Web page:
Peevish Pen

Ruminations on reading, writing, rural living, retirement, aging—and sometimes cats. And maybe a border collie or other critters.

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Location: Rural Virginia, United States

I'm an elderly retired teacher who writes. Among my books are Ferradiddledumday (Appalachian version of the Rumpelstiltskin story), Stuck (middle grade paranormal novel), Patches on the Same Quilt (novel set in Franklin County, VA), Them That Go (an Appalachian novel), and several Kindle ebooks.

Thursday, February 04, 2016

Reading Appalachian Fiction

While I was writing my Appalachian novel, I avoided reading fiction so I wouldn't be influenced by what I read. Now that the novel is in a time-out phase before I self-publish it, I've gone back to reading. I really had a hankering to read Appalachian lit.

For some reason, I hadn't read one of Sharyn McCrumb's earlier ballad novels, The Hangman's Beautiful Daughter. While it was published in 1992 and is out of print (in actual print), an e-version was recently made available—with a beguiling cover.


But I'd recently acquired an old copy, so that's what I read.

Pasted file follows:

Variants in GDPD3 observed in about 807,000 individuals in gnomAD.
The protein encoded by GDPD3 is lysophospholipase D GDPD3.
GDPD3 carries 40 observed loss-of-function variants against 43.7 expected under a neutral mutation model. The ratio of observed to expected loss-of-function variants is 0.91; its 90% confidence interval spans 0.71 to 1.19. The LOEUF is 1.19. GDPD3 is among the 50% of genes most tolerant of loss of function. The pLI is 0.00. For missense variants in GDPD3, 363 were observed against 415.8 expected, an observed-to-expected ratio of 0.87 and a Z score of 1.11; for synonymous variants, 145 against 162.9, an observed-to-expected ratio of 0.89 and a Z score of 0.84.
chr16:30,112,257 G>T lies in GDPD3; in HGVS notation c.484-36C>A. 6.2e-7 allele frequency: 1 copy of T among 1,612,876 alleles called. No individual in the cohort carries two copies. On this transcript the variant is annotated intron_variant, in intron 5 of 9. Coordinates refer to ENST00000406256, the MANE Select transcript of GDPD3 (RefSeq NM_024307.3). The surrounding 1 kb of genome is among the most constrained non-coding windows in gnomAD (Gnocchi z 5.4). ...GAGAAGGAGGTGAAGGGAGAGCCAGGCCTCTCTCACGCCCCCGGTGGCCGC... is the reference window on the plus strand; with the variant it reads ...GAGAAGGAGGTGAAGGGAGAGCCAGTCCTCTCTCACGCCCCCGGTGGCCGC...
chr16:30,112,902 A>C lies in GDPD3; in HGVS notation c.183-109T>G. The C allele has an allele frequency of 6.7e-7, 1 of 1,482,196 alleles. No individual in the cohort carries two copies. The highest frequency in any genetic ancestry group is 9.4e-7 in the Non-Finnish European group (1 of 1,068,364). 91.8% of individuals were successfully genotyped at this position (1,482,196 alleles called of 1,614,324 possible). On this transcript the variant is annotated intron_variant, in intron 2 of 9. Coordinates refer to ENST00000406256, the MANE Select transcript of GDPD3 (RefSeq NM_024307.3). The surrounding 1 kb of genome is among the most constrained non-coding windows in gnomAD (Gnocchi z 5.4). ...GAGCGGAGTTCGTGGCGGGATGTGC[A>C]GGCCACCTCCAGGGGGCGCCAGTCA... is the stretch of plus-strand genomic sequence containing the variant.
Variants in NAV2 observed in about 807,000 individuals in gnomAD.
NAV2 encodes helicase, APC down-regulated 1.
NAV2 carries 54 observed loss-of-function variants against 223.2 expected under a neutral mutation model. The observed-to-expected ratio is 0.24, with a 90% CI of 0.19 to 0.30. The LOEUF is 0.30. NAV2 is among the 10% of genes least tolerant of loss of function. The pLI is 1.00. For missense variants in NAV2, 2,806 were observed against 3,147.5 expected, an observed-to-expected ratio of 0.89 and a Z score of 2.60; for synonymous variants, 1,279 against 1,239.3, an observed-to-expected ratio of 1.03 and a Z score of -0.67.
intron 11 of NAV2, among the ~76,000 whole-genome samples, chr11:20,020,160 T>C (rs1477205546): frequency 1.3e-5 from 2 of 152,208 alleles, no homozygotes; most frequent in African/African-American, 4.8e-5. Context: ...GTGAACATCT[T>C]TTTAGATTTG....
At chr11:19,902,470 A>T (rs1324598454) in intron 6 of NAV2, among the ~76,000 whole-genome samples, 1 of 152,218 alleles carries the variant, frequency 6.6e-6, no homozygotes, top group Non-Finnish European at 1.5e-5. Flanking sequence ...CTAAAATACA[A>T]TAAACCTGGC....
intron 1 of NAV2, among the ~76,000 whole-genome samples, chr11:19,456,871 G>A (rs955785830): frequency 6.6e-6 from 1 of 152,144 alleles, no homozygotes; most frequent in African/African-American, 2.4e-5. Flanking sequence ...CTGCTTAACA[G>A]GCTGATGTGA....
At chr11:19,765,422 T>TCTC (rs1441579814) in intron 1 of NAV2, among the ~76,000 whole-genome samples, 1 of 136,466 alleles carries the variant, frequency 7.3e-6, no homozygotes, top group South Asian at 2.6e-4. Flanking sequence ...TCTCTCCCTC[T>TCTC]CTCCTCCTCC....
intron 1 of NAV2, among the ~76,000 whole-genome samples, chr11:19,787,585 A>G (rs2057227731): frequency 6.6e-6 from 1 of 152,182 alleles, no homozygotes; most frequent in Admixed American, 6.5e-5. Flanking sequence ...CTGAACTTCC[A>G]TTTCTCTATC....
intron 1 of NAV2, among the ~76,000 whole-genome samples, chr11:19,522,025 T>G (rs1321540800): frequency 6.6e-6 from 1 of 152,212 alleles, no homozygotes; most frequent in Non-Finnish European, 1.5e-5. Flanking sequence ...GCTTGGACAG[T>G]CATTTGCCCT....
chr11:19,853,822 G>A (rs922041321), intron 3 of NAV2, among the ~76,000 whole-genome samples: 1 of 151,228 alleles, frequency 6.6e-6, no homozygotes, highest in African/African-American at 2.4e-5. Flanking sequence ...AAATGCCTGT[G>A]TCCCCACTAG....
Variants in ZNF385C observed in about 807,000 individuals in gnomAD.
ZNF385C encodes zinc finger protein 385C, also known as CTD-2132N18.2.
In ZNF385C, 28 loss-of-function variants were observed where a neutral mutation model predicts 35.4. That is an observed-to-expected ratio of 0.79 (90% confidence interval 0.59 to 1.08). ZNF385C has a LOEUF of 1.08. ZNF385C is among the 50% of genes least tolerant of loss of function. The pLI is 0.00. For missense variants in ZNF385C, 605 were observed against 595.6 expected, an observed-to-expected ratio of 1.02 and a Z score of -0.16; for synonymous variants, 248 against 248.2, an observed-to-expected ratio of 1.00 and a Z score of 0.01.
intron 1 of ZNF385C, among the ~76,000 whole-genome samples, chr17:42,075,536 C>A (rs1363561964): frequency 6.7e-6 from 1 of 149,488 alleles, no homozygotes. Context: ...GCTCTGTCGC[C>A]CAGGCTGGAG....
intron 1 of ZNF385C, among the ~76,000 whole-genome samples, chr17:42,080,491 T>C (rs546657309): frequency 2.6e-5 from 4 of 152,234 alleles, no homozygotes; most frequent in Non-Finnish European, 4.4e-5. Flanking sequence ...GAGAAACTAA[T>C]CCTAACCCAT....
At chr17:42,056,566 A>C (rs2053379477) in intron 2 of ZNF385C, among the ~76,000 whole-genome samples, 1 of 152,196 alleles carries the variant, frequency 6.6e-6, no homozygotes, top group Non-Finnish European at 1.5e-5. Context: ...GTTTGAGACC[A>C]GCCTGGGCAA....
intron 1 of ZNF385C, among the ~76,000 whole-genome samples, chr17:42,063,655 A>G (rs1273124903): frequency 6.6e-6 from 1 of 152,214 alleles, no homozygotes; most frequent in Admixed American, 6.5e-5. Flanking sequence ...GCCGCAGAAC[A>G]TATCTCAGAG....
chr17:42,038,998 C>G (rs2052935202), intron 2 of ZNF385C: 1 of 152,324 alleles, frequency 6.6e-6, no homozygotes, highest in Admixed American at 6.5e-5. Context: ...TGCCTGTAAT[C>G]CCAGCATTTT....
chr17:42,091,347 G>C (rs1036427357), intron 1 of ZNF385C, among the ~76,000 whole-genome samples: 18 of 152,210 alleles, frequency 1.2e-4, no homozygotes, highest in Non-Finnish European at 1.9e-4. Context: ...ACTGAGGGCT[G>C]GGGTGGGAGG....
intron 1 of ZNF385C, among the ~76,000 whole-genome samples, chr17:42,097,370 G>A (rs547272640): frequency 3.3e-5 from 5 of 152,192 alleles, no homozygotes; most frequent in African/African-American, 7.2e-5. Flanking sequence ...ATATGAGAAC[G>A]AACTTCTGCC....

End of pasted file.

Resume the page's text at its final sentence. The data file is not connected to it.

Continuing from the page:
The book is flat-out, doggone good! For one thing, the two-sentence opening paragraph could be a lesson in how to write good openers:
Nora Bonesteel was the first to know about the Underhill family. Death was no stranger to Dark Hollow, but Nora Bonesteel was the only one who could see it coming.
It includes who (Nora Bonestell, the Underhills), where (Dark Hollow), and what (death, and Nora Bonesteel's ability to see it coming). It piques the reader's interest—how did the Underhills die? and how did Nora know? Since I wanted to know, I kept reading. And reading. I finished the book in two days—with a little encouragement from my kitty friends, Tanner and his sidekick Arlo.


This book is one of McCrumb's ballad series that features Nora Bonesteel, a mountain woman who has "the sight." I'd read about Nora in other books and found her an intriguing character.

Sharyn McCrumb gives an introduction to The Hangman's Beautiful Daughter on her website. Once you read it, you'll want to read the book.

While The Kirkus Review gives a concise summary of the plot, they miss the point on the prose by a country mile. Unlike the Kirkus reviewer, I found McCrumb's prose riveting.

According to the Publisher's Weekly review, "McCrumb weaves Appalachian folklore and death, in natural and unnatural forms, into a story that meanders like a mountain stream through the hills of east Tennessee before rushing to its turbulent conclusion." That pretty much sums it up, but a lot of interconnected events happen in the book, and McCrumb brings them together masterfully.


The book is a page turner. If you like Appalachian lit (my favorite kind), consider this a must read.
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